Beside this feast of hospitality, there was the theatre, with Macready and Helen Faucit in the "Lady of Lyons," and the opera, with Grisi and Mario, Alboni and Persiani. Julia, who had been forbidden the theatre since her seventh year, enjoyed to the full both music and drama, but "the crowning ecstasy of all" she found in the ballet, of which Fanny Elssler and Cerito were the stars. The former was beginning to wane; the dancing which to Emerson and Margaret Fuller seemed "poetry and religion" had lost, perhaps, something of its magic; the latter was still in her early bloom and grace.

Years later, our mother suggested to Theodore Parker that "the best stage dancing gives the classic, in a fluent form,[88] with the illumination of life and personality." She recalled nothing sensual or even sensuous in the dances she saw that season, only "the very ecstasy and embodiment of grace." (But the Doctor thought Cerito ought to be sent to the House of Correction!)

Among the English friends, the one to whom our parents became most warmly attached was Lord Morpeth, afterwards Earl of Carlisle. This gentleman proved a devoted friend. Not only did he show the travellers every possible attention in London, but finding that they were planning a tour through Wales, Ireland, and Scotland, he made out with great care an itinerary for them, giving the roads by which they should travel and the points of interest they should visit.

Very reluctantly they left the London of so many delights, and started on the prescribed tour, following in the main the lines laid down by their kind friend.

To her sister Louisa

Sunday, July 2.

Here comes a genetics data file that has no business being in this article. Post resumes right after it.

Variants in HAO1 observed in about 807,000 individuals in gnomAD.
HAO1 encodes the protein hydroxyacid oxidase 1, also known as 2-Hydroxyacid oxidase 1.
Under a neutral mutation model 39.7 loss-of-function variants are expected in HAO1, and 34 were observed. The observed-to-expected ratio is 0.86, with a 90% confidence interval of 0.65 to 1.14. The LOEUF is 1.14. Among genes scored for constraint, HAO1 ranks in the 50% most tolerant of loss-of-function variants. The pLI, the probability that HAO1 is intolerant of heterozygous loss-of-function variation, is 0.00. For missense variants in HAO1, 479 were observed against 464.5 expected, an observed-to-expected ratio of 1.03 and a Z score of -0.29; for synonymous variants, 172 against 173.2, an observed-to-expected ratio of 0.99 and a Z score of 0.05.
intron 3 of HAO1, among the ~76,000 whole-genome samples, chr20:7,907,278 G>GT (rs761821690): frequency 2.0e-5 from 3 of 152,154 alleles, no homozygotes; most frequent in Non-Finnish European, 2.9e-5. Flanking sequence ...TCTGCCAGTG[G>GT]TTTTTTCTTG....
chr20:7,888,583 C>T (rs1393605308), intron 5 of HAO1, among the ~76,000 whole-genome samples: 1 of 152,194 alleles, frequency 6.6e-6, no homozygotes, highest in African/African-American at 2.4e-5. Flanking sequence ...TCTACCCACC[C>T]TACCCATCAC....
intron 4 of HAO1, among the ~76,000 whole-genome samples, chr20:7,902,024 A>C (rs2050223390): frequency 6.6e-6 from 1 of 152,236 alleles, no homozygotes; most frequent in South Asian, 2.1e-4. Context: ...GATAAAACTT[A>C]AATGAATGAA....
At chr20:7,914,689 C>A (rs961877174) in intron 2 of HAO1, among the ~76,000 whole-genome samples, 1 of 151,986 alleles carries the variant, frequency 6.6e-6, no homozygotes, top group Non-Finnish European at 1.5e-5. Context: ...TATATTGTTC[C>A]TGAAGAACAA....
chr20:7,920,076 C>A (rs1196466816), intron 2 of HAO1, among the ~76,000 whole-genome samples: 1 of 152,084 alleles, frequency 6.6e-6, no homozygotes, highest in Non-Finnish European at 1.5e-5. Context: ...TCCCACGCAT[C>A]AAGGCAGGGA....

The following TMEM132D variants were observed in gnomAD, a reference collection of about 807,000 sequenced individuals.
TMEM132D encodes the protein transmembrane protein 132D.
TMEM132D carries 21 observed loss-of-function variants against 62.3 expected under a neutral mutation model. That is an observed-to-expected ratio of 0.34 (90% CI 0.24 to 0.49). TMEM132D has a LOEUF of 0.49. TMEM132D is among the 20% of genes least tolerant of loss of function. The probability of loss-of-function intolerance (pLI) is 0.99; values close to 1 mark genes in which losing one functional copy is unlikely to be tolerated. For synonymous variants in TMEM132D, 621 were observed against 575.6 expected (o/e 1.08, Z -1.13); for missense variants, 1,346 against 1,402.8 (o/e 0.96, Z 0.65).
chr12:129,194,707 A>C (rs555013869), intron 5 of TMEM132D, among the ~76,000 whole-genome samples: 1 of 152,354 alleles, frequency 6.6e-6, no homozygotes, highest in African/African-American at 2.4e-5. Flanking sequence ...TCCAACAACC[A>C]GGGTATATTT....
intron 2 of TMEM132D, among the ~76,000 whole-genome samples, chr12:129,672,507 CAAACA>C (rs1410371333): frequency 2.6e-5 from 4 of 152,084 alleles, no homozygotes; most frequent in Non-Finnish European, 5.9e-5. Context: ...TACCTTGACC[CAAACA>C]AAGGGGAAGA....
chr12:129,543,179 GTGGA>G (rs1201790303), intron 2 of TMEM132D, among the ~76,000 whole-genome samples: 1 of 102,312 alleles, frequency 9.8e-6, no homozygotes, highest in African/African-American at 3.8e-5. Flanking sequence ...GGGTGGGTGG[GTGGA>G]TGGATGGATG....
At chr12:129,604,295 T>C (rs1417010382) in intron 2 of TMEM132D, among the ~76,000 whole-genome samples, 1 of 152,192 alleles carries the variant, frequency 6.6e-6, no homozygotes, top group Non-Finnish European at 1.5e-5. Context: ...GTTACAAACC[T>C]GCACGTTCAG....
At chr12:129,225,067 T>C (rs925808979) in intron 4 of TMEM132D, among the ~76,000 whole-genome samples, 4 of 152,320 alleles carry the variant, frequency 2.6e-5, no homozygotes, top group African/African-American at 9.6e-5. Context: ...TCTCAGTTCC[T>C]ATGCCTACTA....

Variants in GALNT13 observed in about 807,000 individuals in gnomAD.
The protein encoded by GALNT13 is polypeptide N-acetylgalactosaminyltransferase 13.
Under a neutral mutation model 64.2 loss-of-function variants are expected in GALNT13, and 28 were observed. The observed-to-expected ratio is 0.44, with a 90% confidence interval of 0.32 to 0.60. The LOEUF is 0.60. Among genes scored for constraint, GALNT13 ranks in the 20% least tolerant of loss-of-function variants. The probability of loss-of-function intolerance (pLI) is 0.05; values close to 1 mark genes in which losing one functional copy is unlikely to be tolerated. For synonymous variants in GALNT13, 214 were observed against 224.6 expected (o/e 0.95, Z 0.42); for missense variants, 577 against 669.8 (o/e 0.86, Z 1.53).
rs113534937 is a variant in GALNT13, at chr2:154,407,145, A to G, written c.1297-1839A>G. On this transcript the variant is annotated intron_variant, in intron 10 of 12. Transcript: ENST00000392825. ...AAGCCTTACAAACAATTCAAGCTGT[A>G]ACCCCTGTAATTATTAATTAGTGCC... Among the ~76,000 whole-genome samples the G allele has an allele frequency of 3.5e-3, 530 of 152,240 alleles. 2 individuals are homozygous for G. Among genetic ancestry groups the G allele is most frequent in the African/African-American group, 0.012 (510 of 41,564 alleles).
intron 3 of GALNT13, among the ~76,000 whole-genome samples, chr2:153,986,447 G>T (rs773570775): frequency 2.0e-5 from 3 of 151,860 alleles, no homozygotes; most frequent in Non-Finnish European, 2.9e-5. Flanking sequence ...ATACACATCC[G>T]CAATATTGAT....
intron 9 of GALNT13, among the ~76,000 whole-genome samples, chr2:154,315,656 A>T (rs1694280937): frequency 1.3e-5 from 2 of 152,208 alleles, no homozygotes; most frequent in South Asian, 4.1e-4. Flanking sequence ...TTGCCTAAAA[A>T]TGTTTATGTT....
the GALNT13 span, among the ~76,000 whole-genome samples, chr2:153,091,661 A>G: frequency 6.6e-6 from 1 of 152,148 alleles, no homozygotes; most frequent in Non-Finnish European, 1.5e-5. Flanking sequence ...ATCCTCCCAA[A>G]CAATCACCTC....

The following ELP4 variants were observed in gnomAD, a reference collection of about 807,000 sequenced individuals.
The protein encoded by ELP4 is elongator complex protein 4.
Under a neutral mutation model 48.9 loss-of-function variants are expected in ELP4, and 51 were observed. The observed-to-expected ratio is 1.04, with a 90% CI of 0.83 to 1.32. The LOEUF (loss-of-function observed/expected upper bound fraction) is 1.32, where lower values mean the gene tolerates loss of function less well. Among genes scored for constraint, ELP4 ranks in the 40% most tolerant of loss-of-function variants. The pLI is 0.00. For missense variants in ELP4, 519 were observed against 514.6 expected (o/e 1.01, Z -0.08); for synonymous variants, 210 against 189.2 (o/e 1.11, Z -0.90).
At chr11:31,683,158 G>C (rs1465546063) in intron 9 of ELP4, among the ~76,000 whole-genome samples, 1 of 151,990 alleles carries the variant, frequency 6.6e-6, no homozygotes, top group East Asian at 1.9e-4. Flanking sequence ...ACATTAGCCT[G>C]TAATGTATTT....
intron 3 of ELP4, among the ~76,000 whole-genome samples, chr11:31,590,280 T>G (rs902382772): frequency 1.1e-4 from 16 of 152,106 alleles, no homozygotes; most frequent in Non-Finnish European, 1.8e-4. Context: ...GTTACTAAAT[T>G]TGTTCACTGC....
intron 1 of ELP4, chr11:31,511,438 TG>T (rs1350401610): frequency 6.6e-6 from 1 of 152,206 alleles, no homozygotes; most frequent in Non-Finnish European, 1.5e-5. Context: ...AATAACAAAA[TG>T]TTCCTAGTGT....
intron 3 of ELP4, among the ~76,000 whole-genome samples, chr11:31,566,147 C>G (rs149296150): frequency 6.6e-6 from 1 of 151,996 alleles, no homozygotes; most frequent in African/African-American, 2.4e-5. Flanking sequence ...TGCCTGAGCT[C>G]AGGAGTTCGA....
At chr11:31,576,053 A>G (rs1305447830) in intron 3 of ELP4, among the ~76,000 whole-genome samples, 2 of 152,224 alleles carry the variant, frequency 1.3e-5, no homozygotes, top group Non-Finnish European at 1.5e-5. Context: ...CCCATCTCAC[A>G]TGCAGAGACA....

... We are in Dublin, among the Paddies, and funny enough they are. There are many beggars—you cannot get into the carriage without being surrounded with ragged women holding out their dirty hands, and clamouring for ha'pence—we have just returned from Edgeworthtown; on our way, we walked into some of the peasants' huts. I will tell you about one—it was thatched, built very miserably, had no floor except the native mud; there was a peat[89] fire, which filled the house with smoke—before the fire lay the pig, grunting in concert with the chickens, who were picking up scraps of the dinner, which consisted of potatoes and salt—three families live in it. Two sets of little ragamuffins are sitting in the dirt. Ch. bestows some pence: "God kape your honour—God save ye, wherever ye go, and sure and it's a nice, comfortable looking young woman you have got with you, an uncommon pretty girl" (that is me). Don't they understand the matter, eh? We passed three delightful hours with Miss Edgeworth, in the library in which she wrote all her works—she was surrounded by a numerous and charming family, among others, the last of her father's four wives, whom she calls mother, although the lady must be some ten years her junior. She is herself a most vivacious little lady, about seventy-five years old, but gay and bright as a young girl—she seemed quite delighted with Ch., and conversed with him on many topics in a very animated manner. She has very clear and sound views of things, and takes the liveliest interest in all that goes on around her, and in the world. One of her younger brothers (with a nice Spanish wife) has a nest of very young children, in whom she delights as much as if she had not helped to bring up three sets of brothers and sisters. She said to me: "It is not only for Laura Bridgman that I wanted to see Dr. Howe, but I admire the spirit of all his writings." She gave him some engravings, and wrote her name at the bottom.... At one o'clock, we went to luncheon which was very nice, consisting of meat, potatoes, and preserves.... She[90] made us laugh, and laughed herself. They were saying that American lard was quite superseding whale oil. "Yes," said she, "and in consequence, the whale cannot bear the sight of a pig." Her little nephew made a real bull. He was showing me his rat trap, "and," said he, "I shall kill the rat before I let him out, eh?"...